Child therapist syndrome: here’s how to recognize it

Child therapist syndrome: here's how to recognize it

Parents are supposed to take care of their child, but in some families the opposite happens. The child then suffers from child therapist syndrome. What does that mean ? How does this manifest itself and how to get out of it? The answers of Dr Stéphane Clerget, child psychiatrist in Paris and author of the book “Psychic vampires” published by Editions Livre de Poche.

In a so-called “normal” family relationship, the parent is the one who takes care of the child. But this theory collapses in certain homes where the child will be a sort of crutch for his parent, who is not doing well. It is said that these children grow up being affected by child therapist syndrome.

What are the signs and how does it manifest?

“A child therapist can be one simply by his presence, without changing anything in his behavior” begins Dr Stéphane Clerget. “In this case, it does not pose a problem. Where it becomes problematic is when the child has to change his behavior to satisfy his parent, he has to be attentive to his needs, he has to expend a lot of energy to meet their needs…” explains the expert.

This relationship does not only have negative points. “This develops greater empathy in the child, as well as responsibility.” adds the child psychiatrist. “The problem lies in the role reversal. By taking care of his parent, the child no longer has anyone to take care of him, especially when there is no second parent to deal with this lack, as in the case of divorce for example. “.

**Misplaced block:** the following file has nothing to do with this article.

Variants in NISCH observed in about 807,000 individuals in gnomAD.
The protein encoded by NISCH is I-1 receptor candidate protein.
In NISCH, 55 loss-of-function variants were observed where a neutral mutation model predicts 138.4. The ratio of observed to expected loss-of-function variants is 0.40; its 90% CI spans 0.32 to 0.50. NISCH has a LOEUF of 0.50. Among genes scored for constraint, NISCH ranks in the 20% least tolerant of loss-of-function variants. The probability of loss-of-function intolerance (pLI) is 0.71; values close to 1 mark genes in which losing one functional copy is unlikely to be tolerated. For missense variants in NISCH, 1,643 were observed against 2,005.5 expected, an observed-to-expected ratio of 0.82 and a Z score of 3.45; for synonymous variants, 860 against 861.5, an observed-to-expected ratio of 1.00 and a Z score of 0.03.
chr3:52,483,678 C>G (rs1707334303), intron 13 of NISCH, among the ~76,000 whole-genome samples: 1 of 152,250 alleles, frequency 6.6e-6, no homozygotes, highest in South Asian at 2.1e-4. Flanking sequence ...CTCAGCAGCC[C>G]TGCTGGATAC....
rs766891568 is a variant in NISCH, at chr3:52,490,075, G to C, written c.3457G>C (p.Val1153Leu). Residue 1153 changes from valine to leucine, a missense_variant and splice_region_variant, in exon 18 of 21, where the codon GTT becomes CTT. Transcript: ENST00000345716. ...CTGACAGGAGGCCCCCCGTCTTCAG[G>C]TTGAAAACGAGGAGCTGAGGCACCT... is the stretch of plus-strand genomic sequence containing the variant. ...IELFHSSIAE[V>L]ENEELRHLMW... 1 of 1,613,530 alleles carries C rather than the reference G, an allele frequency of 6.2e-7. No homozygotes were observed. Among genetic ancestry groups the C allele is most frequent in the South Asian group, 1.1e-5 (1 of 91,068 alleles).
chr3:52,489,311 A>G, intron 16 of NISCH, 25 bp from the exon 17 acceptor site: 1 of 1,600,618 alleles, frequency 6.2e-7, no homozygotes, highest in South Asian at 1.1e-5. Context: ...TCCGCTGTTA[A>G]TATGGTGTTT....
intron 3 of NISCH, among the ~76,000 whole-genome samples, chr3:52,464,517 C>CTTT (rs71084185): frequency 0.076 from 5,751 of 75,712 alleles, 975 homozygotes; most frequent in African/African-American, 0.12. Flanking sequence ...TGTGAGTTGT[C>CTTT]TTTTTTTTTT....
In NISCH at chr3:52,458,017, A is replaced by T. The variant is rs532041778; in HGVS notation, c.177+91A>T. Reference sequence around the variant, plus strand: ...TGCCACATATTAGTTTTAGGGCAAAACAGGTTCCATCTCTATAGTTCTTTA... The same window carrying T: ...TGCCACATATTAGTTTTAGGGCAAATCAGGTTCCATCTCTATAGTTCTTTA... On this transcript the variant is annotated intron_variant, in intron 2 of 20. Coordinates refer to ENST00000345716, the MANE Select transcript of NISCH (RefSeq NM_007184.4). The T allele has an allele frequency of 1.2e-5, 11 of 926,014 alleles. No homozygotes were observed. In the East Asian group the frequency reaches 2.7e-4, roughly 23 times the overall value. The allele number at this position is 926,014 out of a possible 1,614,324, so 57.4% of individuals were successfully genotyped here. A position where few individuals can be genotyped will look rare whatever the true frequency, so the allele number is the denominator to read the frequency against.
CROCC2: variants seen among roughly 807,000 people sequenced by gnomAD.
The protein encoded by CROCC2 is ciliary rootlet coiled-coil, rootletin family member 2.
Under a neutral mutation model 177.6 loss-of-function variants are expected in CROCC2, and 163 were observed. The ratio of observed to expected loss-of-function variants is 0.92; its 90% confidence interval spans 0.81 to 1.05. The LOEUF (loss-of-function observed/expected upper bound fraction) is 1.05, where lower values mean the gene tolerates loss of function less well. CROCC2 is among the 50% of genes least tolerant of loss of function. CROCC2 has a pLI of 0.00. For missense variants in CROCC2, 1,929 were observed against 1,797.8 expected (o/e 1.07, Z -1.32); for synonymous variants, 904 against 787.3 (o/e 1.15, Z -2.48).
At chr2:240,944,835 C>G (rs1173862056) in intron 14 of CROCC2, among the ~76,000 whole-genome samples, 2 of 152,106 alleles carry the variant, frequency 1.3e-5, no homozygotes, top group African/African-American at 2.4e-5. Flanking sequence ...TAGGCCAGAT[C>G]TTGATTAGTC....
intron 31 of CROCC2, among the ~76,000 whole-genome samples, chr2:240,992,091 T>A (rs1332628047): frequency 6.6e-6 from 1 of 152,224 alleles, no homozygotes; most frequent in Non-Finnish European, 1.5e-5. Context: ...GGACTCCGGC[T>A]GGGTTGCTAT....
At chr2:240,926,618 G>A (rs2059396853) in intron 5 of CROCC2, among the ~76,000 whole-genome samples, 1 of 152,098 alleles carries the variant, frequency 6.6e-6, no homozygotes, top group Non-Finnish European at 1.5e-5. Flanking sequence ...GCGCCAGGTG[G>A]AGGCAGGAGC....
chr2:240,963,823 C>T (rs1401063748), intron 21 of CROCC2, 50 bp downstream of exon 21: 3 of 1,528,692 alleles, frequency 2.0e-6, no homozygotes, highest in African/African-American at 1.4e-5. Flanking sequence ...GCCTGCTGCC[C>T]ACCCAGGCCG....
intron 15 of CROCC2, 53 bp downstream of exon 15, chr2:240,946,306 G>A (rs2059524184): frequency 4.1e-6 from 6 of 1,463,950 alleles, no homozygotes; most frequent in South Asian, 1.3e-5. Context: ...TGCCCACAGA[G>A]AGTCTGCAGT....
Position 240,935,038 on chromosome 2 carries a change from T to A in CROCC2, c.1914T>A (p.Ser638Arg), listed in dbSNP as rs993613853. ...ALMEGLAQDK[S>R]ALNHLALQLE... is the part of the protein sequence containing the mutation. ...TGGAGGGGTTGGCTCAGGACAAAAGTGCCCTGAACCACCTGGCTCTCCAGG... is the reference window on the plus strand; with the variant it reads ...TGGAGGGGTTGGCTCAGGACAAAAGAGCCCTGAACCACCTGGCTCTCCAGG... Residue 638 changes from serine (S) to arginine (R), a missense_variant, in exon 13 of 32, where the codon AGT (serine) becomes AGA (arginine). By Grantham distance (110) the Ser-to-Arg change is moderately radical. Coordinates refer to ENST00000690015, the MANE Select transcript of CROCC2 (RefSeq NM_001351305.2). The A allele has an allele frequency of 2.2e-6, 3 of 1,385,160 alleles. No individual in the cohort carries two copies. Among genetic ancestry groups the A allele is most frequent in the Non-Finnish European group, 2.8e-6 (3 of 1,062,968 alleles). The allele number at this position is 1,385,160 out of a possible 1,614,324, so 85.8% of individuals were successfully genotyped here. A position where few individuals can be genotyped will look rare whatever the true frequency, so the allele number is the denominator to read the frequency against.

This can create a state of insecurity in this child which can continue into adulthood. It is also a source of stress and anxiety, which can impact the child’s education.

How to get out of this state?

In the best case, the parent must come out of this state through the care of a person close to them, who will relieve the child, or a health professional. “The child may, for example, be removed, being looked after by the grandparents or the other parent.” underlines the expert.

But this doesn’t always work. “It is so burdensome that sometimes the parent brings their child for consultation, who shows signs of overwork. I quickly understand the situation and offer the child a ‘deal’: to continue the sessions but to get the parent to participate, for indirect therapeutic care, without their knowledge, in a way” further details Dr Clerget.

Is there a risk of repeating this as an adult?

“No,” says the doctor. “Children who have been vampired by an adult tend to be “therapist” type personalities and do not reproduce this pattern. On the other hand, their friendly or romantic relationships may be of the same type. And sometimes, these are people who don’t want children, because they don’t want to have to take care of “another child” so to speak. he concludes.